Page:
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44                                      Jack Fritscher, Ph.D.
            reflects may, regrettably, exist, but ought not to be represented. Failure
            to represent such things will eventually, so current doctrine has it, lead to
            the abolition of what is deplored. There is a sad irony in the fact that the
            “gay” world, the realm of the queer or homosexual, has no sooner achieved
            recognition and to a certain extent legitimate status, than it begins to
            designate forbidden areas within its own territory. Fritscher’s images may
            be all the more threatening to a certain type of gay puritan because we
            immediately understand that to him they are familiar territory, not things
            encountered for the first time and recorded chiefly because they seem
            bizarre and startling. The late Robert Mapplethorpe once said that there
            was nothing shown in his own photographs that he hadn’t done him-
            self. Fritscher can say the same, though with a subtly different nuance. A
            reminder of this is the more relevant because Fritscher and Mapplethorpe
            were once so closely linked personally, not only as friends but as lovers,
            protagonists in a stormy bicoastal affair conducted just at the noir moment
            when Mapplethorpe was rising to the first peak of his reputation. It was
            Fritscher who commissioned Mapplethorpe to produce his first magazine
            cover, and who at the same time introduced him to the West Coast leather
            scene. This cover was done in 1977 for the San Francisco-based leather
            magazine Drummer, which Fritscher was then editing. Fritscher not only
            drew the design for it, but provided the model, Elliot Siegal, who then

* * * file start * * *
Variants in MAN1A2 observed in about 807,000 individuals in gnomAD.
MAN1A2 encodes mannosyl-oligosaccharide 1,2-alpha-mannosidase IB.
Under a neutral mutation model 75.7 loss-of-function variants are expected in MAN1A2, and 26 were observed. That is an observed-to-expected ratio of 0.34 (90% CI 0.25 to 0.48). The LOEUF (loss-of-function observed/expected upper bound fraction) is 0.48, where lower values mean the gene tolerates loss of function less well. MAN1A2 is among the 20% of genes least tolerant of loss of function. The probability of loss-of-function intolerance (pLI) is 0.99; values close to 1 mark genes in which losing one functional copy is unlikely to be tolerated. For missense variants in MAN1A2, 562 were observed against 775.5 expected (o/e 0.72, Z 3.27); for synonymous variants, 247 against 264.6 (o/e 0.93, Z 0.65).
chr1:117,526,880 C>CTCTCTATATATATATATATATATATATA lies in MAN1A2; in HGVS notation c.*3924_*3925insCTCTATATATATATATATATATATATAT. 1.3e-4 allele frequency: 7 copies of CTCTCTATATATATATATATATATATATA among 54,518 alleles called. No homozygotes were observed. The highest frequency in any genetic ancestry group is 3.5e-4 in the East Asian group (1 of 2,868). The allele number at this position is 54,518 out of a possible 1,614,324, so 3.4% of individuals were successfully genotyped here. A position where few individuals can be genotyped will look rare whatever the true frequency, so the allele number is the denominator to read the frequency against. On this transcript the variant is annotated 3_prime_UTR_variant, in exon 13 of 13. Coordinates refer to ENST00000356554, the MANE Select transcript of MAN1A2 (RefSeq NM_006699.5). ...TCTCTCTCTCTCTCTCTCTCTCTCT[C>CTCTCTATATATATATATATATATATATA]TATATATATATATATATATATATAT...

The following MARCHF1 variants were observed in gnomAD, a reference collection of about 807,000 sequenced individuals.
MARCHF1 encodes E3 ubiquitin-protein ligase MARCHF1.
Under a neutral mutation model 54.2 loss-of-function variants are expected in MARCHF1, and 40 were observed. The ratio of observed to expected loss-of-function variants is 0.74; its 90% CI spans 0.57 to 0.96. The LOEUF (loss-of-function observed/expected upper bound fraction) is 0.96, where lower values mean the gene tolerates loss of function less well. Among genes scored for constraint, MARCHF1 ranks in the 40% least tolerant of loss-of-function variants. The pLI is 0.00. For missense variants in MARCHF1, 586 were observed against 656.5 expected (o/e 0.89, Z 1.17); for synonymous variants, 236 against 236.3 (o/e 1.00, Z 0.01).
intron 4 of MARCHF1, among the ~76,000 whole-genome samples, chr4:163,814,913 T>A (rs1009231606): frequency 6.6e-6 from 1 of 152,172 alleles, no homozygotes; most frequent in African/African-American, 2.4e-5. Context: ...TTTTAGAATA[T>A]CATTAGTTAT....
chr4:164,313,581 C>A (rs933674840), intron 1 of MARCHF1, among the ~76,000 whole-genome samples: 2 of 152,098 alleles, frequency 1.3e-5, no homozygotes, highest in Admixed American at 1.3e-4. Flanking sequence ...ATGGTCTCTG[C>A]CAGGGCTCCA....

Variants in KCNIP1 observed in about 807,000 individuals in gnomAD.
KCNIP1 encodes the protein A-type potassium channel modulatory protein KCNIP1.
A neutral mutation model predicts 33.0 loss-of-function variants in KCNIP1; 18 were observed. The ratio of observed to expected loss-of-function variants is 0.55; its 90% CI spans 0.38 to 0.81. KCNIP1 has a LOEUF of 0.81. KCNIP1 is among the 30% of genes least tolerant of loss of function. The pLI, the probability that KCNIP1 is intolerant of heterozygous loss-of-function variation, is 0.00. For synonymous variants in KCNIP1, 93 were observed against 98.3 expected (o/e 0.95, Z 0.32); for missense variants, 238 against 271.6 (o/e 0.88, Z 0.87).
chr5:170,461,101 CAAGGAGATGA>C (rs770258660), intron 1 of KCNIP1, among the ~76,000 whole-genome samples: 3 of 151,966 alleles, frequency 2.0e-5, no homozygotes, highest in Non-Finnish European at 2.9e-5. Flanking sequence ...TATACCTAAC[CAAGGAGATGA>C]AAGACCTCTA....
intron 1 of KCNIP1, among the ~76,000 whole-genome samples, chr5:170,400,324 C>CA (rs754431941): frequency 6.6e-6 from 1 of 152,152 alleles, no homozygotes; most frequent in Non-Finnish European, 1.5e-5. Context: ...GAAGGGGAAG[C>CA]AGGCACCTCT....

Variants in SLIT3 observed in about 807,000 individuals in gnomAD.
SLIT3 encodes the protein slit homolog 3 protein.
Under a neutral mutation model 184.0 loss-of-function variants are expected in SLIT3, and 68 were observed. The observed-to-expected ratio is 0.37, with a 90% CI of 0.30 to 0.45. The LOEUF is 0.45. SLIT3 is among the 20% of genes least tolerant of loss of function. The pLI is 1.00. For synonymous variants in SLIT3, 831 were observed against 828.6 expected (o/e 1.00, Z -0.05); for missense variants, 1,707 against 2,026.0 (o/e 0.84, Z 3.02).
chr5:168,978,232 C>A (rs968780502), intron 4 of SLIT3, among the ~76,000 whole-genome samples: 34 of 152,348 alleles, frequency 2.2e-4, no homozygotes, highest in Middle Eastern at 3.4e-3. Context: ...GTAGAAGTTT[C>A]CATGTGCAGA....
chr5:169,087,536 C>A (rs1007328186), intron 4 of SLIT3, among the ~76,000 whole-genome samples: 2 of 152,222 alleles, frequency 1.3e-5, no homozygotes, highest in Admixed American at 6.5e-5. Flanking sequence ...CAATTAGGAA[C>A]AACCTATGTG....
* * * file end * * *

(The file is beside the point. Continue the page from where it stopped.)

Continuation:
became a frequent model for Mapplethorpe.
               Knowing this, one might look at Fritscher’s photographs expecting
            to find some trace of Mapplethorpe’s influence, though his own early
            photographic images were published when he was just eighteen, twenty
            years before he and Mapplethorpe encountered one another. In fact their
            approach is very different. Mapplethorpe’s most typical photographs
            are calculated, coolly staged, Deco artifacts where the subjects become
            objects, deprived of nearly all personality, frozen by the icy stare of the
            lens. Fritscher’s work is, by contrast, informal, candid, a product of the
            desire to seize and fix some epiphany, some magic moment, rather than
            to construct a particular pattern which already pre-exists in the photog-
            rapher’s imagination. Some images are the result of Fritscher’s involve-
            ment with gay magazines and with video. These portray men who one
            time or another have been gay icons, and often show them at their most
            overtly sexual. Thus, there is a fine series of nudes of Donnie Russo, the
            ultra-macho star of a whole series of recent erotic videos, among them
            four made by Fritscher himself in collaboration with his partner Mark
            Hemry. Russo has a sexual electricity. Fritscher speaks of Russo’s “pria-
            pism” — which accounts for his impacting still photographs as well as
            video. Photographing this phenomenon (the kind of fully independent
            personality Mapplethorpe usually seems to have avoided in his sexually

          ©Jack Fritscher, Ph.D., All Rights Reserved—posted 05-05-2017
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